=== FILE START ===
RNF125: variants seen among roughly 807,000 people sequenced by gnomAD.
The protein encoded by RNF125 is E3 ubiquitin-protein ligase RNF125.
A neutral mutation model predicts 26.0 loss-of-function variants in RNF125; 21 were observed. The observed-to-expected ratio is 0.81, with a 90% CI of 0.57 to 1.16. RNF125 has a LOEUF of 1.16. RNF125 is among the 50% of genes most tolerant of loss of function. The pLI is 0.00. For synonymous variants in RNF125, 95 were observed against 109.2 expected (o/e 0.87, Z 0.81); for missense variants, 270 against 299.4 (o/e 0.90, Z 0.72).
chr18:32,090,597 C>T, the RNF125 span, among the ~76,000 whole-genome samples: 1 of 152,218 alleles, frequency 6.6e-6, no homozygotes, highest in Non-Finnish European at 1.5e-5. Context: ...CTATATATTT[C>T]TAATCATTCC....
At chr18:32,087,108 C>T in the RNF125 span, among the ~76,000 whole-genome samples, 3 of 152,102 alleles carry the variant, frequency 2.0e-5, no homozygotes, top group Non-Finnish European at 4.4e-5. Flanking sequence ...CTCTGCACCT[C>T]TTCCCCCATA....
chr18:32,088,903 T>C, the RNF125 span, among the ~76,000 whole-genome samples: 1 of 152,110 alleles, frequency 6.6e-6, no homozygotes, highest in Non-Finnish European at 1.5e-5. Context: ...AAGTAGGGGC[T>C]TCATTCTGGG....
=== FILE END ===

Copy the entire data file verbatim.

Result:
RNF125: variants seen among roughly 807,000 people sequenced by gnomAD.
The protein encoded by RNF125 is E3 ubiquitin-protein ligase RNF125.
A neutral mutation model predicts 26.0 loss-of-function variants in RNF125; 21 were observed. The observed-to-expected ratio is 0.81, with a 90% CI of 0.57 to 1.16. RNF125 has a LOEUF of 1.16. RNF125 is among the 50% of genes most tolerant of loss of function. The pLI is 0.00. For synonymous variants in RNF125, 95 were observed against 109.2 expected (o/e 0.87, Z 0.81); for missense variants, 270 against 299.4 (o/e 0.90, Z 0.72).
chr18:32,090,597 C>T, the RNF125 span, among the ~76,000 whole-genome samples: 1 of 152,218 alleles, frequency 6.6e-6, no homozygotes, highest in Non-Finnish European at 1.5e-5. Context: ...CTATATATTT[C>T]TAATCATTCC....
At chr18:32,087,108 C>T in the RNF125 span, among the ~76,000 whole-genome samples, 3 of 152,102 alleles carry the variant, frequency 2.0e-5, no homozygotes, top group Non-Finnish European at 4.4e-5. Flanking sequence ...CTCTGCACCT[C>T]TTCCCCCATA....
chr18:32,088,903 T>C, the RNF125 span, among the ~76,000 whole-genome samples: 1 of 152,110 alleles, frequency 6.6e-6, no homozygotes, highest in Non-Finnish European at 1.5e-5. Context: ...AAGTAGGGGC[T>C]TCATTCTGGG....